Portugal Bans Nocturnal Olive Harvesting Practice for Upcoming Season

While conservationists have hailed the move as a step in the right direction, many of them have urged the country's ministry fo agriculture to make the ban permanent.

By Julie Al-Zoubi
Dec. 7, 2021 11:25 UTC

The Portuguese gov­ern­ment has con­firmed that noc­tur­nal suc­tion olive har­vest­ing will be banned dur­ing the upcom­ing crop year after a national study con­cluded that the prac­tice resulted in sig­nif­i­cant bird mor­tal­ity.

Portugal’s Institute for Nature Conservation and Forests (INCF) have pledged to inten­sify olive farm inspec­tions between October 2020 and March 2021 to ensure grow­ers com­ply with the national ban on the use of mechan­i­cal har­vesters at night.

See Also:Millions of Birds Killed by Nighttime Harvesting in Mediterranean

The INCF stip­u­lated that the dis­tur­bance and mor­tal­ity of birds was a vio­la­tion of Portuguese law and warned that any­one flout­ing the noc­tur­nal har­vest­ing ban could face crim­i­nal charges.

While Joaquim Teodósio, head of ter­res­trial con­ser­va­tion at Portugal’s Society for the Study of Birds (SPEA) wel­comed the move as a step in the right direc­tion, he told Olive Oil Times that the prac­tice of noc­tur­nal olive har­vest­ing should have been per­ma­nently out­lawed instead of sim­ply intro­duc­ing a ban for the upcom­ing sea­son then recon­sid­er­ing the deci­sion on an annual basis.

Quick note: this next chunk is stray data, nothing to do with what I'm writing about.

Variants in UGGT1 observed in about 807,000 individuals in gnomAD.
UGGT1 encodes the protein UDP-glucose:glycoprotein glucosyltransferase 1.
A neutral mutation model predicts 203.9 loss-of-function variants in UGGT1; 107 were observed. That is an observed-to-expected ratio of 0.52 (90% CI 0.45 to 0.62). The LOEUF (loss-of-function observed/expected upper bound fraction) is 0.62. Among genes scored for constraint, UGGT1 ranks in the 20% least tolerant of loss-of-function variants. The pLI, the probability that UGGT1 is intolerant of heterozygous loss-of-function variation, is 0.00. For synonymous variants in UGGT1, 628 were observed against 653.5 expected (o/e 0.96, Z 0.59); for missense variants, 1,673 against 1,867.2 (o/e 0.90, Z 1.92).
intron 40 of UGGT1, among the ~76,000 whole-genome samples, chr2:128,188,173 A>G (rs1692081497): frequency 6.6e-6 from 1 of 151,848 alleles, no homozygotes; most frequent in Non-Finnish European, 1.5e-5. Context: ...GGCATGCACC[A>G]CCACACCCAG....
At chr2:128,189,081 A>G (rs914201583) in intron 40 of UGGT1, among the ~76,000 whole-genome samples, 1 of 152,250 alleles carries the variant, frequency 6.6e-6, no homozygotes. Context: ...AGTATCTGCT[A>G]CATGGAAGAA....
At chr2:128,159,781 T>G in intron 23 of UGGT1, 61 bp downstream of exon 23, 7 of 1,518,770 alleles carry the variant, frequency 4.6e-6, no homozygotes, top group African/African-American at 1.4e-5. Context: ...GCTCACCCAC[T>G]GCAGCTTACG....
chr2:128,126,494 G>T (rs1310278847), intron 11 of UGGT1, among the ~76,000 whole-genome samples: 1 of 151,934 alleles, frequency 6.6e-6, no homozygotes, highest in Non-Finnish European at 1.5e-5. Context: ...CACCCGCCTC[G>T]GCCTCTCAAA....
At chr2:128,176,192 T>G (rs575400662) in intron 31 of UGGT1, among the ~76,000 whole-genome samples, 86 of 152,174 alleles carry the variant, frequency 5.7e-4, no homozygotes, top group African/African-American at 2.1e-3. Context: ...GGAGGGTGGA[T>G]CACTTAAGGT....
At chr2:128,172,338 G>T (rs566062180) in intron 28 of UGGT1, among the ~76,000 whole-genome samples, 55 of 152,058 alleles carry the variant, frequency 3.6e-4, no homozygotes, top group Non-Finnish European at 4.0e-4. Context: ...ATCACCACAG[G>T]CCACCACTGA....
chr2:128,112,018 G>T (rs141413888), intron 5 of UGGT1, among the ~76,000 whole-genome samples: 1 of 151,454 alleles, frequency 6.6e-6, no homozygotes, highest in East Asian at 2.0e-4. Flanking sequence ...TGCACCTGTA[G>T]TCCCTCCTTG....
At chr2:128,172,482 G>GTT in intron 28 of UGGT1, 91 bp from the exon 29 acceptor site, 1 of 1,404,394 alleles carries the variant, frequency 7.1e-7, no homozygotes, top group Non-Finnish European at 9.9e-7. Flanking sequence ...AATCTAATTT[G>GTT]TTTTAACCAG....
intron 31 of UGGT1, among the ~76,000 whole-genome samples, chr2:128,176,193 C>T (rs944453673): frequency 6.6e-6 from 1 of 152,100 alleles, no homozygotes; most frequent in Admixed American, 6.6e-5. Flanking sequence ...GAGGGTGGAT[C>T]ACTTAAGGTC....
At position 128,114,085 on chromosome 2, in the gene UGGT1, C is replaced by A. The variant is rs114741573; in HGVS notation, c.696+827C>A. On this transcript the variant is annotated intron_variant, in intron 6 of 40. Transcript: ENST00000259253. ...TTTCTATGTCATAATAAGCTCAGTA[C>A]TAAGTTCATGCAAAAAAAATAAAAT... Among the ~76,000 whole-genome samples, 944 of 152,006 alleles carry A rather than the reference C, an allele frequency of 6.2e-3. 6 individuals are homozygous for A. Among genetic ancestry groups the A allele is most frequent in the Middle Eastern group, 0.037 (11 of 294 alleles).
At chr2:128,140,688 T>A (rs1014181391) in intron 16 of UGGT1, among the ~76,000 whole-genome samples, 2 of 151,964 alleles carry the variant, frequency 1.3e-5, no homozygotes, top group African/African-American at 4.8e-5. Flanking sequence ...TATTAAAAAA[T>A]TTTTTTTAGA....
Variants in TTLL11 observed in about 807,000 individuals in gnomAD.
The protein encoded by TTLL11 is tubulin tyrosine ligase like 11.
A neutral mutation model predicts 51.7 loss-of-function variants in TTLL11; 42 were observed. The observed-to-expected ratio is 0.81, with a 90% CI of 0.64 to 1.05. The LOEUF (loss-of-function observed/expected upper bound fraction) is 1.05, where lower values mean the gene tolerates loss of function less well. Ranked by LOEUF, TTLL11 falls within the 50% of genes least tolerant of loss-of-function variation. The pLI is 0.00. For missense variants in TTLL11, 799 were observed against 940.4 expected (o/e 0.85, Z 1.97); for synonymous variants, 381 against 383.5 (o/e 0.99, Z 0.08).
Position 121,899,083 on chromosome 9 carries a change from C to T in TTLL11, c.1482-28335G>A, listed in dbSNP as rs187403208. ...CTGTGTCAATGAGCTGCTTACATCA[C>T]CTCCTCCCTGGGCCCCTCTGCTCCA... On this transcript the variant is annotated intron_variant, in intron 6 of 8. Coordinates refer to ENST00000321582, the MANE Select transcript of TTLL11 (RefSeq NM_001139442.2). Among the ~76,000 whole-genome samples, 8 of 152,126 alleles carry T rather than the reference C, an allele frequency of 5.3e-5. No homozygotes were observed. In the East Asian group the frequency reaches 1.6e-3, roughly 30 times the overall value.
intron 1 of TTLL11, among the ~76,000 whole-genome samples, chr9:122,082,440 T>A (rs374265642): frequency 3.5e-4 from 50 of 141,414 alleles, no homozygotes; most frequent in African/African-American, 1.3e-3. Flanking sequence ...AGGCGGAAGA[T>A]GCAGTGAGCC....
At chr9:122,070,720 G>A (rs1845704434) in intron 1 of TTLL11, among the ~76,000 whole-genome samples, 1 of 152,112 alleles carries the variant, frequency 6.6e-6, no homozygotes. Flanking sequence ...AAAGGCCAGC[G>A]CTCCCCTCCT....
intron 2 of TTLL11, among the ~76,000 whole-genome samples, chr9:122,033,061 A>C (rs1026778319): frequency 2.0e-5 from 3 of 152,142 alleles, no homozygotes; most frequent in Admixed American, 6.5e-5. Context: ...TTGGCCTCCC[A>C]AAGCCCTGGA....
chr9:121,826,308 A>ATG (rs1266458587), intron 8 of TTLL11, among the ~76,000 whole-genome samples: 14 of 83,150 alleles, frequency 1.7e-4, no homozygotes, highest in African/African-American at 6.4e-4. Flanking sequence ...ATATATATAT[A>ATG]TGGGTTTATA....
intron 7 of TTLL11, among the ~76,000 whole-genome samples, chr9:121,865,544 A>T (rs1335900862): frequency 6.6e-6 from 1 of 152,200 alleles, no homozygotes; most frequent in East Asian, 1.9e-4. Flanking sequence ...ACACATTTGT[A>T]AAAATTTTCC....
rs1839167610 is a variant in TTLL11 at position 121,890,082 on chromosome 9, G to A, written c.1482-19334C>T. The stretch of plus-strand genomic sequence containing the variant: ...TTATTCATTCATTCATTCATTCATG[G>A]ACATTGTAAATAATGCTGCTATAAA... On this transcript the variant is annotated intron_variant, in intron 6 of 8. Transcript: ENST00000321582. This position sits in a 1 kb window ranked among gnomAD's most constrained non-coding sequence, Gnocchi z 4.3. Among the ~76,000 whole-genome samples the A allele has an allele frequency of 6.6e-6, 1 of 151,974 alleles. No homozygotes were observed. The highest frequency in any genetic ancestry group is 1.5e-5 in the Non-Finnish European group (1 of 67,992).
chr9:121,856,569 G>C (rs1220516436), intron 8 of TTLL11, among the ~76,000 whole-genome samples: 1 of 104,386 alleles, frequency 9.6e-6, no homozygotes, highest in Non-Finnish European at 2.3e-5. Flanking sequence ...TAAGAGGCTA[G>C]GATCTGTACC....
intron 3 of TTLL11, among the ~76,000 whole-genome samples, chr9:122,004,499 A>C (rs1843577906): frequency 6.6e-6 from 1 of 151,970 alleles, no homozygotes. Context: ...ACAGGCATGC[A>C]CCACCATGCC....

The Ministry of Agriculture has­n’t issued a state­ment clearly for­bid­ding this prac­tice, which leaves it up to author­i­ties on the ground to inter­pret the law on a case-by-case basis,” he said. We’d like to see a firmer posi­tion from the min­istry, and a per­ma­nent end to this harm­ful har­vest.”

A study pub­lished by the INCF in 2019 found that mil­lions of song­birds were being killed every year in the Mediterranean basin as a result of noc­tur­nal suc­tion olive har­vest­ing.

See Also:Bans on Night Harvesting Have Alleviated Threat to Migratory Birds

It is esti­mated that in Portugal alone around 96,000 birds are killed each har­vest sea­son. Attempts to pre­vent the mass death of birds (includ­ing delib­er­ately scar­ing them) had been largely inef­fec­tive. Many olive pro­duc­ers have now rec­og­nized the neg­a­tive impact of noc­tur­nal har­vest­ing.

In October 2019, Andalusia’s provin­cial gov­ern­ment announced a tem­po­rary ban on noc­tur­nal har­vest­ing for the 2019/20 crop year. The same INCF study esti­mated that 2.6 mil­lion birds were being killed dur­ing the region’s har­vest each year.

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